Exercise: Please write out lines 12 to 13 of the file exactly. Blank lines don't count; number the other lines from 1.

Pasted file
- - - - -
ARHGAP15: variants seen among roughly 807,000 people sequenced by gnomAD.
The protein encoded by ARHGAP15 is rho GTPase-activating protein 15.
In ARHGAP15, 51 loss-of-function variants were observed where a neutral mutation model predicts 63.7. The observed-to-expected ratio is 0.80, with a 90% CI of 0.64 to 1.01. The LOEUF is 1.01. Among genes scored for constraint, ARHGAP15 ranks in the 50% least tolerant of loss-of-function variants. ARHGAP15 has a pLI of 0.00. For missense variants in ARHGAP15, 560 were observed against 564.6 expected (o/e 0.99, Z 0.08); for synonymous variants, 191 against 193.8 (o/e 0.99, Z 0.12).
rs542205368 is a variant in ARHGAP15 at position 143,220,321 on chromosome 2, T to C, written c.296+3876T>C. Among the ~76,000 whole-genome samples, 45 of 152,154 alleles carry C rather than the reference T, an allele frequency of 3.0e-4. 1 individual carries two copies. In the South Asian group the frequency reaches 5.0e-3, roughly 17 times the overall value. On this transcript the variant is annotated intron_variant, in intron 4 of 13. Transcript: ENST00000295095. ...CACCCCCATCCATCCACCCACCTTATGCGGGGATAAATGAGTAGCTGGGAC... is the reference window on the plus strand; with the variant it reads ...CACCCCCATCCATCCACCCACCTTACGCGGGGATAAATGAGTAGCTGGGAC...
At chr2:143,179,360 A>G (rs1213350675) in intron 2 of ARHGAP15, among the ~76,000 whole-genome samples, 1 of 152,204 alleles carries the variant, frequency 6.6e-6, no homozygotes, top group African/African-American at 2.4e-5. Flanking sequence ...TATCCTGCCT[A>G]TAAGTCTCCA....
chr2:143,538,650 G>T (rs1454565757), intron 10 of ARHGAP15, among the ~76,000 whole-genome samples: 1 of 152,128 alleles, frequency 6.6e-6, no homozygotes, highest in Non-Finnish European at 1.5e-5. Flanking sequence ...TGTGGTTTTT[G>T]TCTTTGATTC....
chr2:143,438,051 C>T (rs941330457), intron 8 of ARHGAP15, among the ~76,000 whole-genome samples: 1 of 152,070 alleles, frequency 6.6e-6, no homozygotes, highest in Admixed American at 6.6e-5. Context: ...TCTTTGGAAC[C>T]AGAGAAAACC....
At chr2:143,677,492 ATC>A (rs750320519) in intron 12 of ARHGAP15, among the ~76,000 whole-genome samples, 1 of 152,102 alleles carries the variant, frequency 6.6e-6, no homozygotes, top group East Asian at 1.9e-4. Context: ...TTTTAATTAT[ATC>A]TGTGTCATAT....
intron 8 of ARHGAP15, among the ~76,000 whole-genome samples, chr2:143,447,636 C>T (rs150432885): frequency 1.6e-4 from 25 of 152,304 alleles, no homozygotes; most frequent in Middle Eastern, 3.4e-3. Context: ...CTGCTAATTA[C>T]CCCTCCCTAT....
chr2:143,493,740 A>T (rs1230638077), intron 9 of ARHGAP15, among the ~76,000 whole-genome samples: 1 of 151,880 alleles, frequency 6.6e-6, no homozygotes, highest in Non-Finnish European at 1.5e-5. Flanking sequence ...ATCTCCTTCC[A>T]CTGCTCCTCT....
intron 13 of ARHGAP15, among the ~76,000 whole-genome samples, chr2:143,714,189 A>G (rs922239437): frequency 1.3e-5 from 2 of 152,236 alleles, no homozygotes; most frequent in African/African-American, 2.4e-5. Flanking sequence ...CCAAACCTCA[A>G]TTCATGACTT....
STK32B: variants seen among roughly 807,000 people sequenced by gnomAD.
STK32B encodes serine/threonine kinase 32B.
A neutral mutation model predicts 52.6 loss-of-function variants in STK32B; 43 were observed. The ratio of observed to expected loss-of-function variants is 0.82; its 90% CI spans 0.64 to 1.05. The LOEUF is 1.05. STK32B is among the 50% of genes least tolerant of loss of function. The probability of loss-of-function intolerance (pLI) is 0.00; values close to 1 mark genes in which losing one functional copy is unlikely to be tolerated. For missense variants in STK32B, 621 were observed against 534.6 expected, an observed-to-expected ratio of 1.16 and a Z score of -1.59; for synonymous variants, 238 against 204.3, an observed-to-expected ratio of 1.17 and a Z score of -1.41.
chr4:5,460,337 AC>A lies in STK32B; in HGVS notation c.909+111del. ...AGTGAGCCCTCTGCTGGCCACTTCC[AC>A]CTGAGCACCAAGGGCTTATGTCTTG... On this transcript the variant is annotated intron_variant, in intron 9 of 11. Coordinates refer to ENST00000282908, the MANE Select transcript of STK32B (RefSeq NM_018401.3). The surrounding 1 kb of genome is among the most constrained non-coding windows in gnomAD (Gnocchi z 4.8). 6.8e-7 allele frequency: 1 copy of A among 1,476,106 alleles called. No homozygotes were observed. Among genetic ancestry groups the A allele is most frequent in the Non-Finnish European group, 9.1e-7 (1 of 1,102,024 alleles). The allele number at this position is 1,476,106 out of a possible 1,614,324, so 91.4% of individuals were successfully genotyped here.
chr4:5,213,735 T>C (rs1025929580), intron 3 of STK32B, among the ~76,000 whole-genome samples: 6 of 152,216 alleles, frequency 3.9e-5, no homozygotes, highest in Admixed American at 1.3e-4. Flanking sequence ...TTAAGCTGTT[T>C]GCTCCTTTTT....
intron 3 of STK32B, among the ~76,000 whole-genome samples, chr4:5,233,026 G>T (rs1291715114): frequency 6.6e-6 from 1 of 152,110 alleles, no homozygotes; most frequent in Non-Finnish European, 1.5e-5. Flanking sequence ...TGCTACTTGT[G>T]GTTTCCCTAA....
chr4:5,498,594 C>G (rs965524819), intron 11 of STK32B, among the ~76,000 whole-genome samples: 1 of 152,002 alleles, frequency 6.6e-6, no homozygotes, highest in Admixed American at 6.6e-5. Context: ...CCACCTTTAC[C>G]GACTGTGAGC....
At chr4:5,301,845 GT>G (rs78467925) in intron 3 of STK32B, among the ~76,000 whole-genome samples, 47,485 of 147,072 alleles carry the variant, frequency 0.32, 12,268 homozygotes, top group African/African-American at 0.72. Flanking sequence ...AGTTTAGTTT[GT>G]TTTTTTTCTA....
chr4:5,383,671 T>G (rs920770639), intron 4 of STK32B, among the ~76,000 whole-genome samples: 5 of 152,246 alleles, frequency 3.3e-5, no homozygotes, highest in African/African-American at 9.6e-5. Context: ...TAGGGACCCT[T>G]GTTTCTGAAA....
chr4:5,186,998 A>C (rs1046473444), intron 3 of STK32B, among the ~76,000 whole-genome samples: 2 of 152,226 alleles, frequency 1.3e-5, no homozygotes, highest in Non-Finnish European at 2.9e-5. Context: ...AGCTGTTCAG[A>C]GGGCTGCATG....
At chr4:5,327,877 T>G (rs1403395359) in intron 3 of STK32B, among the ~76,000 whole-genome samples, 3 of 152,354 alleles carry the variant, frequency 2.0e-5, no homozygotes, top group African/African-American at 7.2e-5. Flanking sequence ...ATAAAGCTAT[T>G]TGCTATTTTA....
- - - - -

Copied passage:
STK32B: variants seen among roughly 807,000 people sequenced by gnomAD.
STK32B encodes serine/threonine kinase 32B.